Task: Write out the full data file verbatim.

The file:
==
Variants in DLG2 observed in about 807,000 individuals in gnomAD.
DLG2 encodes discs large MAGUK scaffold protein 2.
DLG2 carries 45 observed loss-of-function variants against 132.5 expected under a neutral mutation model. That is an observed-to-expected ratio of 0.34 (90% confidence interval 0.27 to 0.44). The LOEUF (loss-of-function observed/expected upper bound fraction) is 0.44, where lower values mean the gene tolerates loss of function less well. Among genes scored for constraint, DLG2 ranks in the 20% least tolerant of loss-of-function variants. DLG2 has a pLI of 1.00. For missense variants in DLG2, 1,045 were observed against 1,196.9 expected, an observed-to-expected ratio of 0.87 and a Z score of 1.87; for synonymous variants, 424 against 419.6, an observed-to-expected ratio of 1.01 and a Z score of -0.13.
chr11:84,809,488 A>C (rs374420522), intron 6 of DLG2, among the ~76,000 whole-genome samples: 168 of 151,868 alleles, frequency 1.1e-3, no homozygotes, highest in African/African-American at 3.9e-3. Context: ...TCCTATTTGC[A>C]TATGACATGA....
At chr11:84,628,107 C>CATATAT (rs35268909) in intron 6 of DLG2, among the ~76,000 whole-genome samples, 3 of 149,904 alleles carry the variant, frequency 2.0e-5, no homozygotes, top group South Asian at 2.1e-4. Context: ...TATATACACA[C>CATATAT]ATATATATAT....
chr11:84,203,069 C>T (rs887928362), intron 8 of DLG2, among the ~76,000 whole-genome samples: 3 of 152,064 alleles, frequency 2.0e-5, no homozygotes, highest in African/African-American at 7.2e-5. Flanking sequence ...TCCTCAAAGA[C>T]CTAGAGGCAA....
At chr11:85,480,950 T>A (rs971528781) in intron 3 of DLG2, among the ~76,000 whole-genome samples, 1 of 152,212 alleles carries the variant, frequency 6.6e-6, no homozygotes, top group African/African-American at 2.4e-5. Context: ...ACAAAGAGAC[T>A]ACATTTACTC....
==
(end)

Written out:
Variants in DLG2 observed in about 807,000 individuals in gnomAD.
DLG2 encodes discs large MAGUK scaffold protein 2.
DLG2 carries 45 observed loss-of-function variants against 132.5 expected under a neutral mutation model. That is an observed-to-expected ratio of 0.34 (90% confidence interval 0.27 to 0.44). The LOEUF (loss-of-function observed/expected upper bound fraction) is 0.44, where lower values mean the gene tolerates loss of function less well. Among genes scored for constraint, DLG2 ranks in the 20% least tolerant of loss-of-function variants. DLG2 has a pLI of 1.00. For missense variants in DLG2, 1,045 were observed against 1,196.9 expected, an observed-to-expected ratio of 0.87 and a Z score of 1.87; for synonymous variants, 424 against 419.6, an observed-to-expected ratio of 1.01 and a Z score of -0.13.
chr11:84,809,488 A>C (rs374420522), intron 6 of DLG2, among the ~76,000 whole-genome samples: 168 of 151,868 alleles, frequency 1.1e-3, no homozygotes, highest in African/African-American at 3.9e-3. Context: ...TCCTATTTGC[A>C]TATGACATGA....
At chr11:84,628,107 C>CATATAT (rs35268909) in intron 6 of DLG2, among the ~76,000 whole-genome samples, 3 of 149,904 alleles carry the variant, frequency 2.0e-5, no homozygotes, top group South Asian at 2.1e-4. Context: ...TATATACACA[C>CATATAT]ATATATATAT....
chr11:84,203,069 C>T (rs887928362), intron 8 of DLG2, among the ~76,000 whole-genome samples: 3 of 152,064 alleles, frequency 2.0e-5, no homozygotes, highest in African/African-American at 7.2e-5. Flanking sequence ...TCCTCAAAGA[C>T]CTAGAGGCAA....
At chr11:85,480,950 T>A (rs971528781) in intron 3 of DLG2, among the ~76,000 whole-genome samples, 1 of 152,212 alleles carries the variant, frequency 6.6e-6, no homozygotes, top group African/African-American at 2.4e-5. Context: ...ACAAAGAGAC[T>A]ACATTTACTC....